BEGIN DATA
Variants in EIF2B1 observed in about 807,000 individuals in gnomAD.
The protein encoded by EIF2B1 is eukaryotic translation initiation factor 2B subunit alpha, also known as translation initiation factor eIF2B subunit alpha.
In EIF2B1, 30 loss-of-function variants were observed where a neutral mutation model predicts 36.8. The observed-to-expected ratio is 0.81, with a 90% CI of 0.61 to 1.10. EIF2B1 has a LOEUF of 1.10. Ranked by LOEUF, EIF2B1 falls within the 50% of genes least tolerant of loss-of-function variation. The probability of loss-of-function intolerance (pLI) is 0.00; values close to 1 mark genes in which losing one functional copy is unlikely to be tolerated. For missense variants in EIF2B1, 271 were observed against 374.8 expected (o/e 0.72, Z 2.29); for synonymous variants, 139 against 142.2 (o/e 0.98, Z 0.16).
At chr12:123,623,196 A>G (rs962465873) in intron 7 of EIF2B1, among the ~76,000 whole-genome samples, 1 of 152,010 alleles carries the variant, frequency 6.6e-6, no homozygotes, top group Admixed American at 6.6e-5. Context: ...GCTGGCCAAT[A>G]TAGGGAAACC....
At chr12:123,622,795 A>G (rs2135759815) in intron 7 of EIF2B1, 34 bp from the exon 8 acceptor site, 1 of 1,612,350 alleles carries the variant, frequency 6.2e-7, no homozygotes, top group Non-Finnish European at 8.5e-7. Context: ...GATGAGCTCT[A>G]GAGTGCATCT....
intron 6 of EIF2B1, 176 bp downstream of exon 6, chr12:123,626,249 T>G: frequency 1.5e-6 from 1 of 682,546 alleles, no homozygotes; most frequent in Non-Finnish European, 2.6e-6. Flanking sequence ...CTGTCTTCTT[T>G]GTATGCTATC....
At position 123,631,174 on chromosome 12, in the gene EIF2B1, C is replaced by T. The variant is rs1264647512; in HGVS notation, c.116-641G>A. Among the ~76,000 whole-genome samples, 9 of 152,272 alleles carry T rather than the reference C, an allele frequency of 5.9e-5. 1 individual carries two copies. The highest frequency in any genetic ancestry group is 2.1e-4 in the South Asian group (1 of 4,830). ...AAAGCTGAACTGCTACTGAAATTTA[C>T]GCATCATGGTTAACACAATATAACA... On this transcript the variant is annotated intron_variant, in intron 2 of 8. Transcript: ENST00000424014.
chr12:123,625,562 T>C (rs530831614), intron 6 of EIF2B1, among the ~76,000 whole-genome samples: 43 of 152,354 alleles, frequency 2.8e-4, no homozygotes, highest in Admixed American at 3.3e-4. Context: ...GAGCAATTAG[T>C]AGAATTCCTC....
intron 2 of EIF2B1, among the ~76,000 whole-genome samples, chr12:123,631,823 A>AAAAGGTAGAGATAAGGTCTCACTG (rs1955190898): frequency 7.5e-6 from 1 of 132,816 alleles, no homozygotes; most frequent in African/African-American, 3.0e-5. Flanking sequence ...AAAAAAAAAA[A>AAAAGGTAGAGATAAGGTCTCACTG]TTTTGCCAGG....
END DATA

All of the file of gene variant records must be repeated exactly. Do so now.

Variants in EIF2B1 observed in about 807,000 individuals in gnomAD.
The protein encoded by EIF2B1 is eukaryotic translation initiation factor 2B subunit alpha, also known as translation initiation factor eIF2B subunit alpha.
In EIF2B1, 30 loss-of-function variants were observed where a neutral mutation model predicts 36.8. The observed-to-expected ratio is 0.81, with a 90% CI of 0.61 to 1.10. EIF2B1 has a LOEUF of 1.10. Ranked by LOEUF, EIF2B1 falls within the 50% of genes least tolerant of loss-of-function variation. The probability of loss-of-function intolerance (pLI) is 0.00; values close to 1 mark genes in which losing one functional copy is unlikely to be tolerated. For missense variants in EIF2B1, 271 were observed against 374.8 expected (o/e 0.72, Z 2.29); for synonymous variants, 139 against 142.2 (o/e 0.98, Z 0.16).
At chr12:123,623,196 A>G (rs962465873) in intron 7 of EIF2B1, among the ~76,000 whole-genome samples, 1 of 152,010 alleles carries the variant, frequency 6.6e-6, no homozygotes, top group Admixed American at 6.6e-5. Context: ...GCTGGCCAAT[A>G]TAGGGAAACC....
At chr12:123,622,795 A>G (rs2135759815) in intron 7 of EIF2B1, 34 bp from the exon 8 acceptor site, 1 of 1,612,350 alleles carries the variant, frequency 6.2e-7, no homozygotes, top group Non-Finnish European at 8.5e-7. Context: ...GATGAGCTCT[A>G]GAGTGCATCT....
intron 6 of EIF2B1, 176 bp downstream of exon 6, chr12:123,626,249 T>G: frequency 1.5e-6 from 1 of 682,546 alleles, no homozygotes; most frequent in Non-Finnish European, 2.6e-6. Flanking sequence ...CTGTCTTCTT[T>G]GTATGCTATC....
At position 123,631,174 on chromosome 12, in the gene EIF2B1, C is replaced by T. The variant is rs1264647512; in HGVS notation, c.116-641G>A. Among the ~76,000 whole-genome samples, 9 of 152,272 alleles carry T rather than the reference C, an allele frequency of 5.9e-5. 1 individual carries two copies. The highest frequency in any genetic ancestry group is 2.1e-4 in the South Asian group (1 of 4,830). ...AAAGCTGAACTGCTACTGAAATTTA[C>T]GCATCATGGTTAACACAATATAACA... On this transcript the variant is annotated intron_variant, in intron 2 of 8. Transcript: ENST00000424014.
chr12:123,625,562 T>C (rs530831614), intron 6 of EIF2B1, among the ~76,000 whole-genome samples: 43 of 152,354 alleles, frequency 2.8e-4, no homozygotes, highest in Admixed American at 3.3e-4. Context: ...GAGCAATTAG[T>C]AGAATTCCTC....
intron 2 of EIF2B1, among the ~76,000 whole-genome samples, chr12:123,631,823 A>AAAAGGTAGAGATAAGGTCTCACTG (rs1955190898): frequency 7.5e-6 from 1 of 132,816 alleles, no homozygotes; most frequent in African/African-American, 3.0e-5. Flanking sequence ...AAAAAAAAAA[A>AAAAGGTAGAGATAAGGTCTCACTG]TTTTGCCAGG....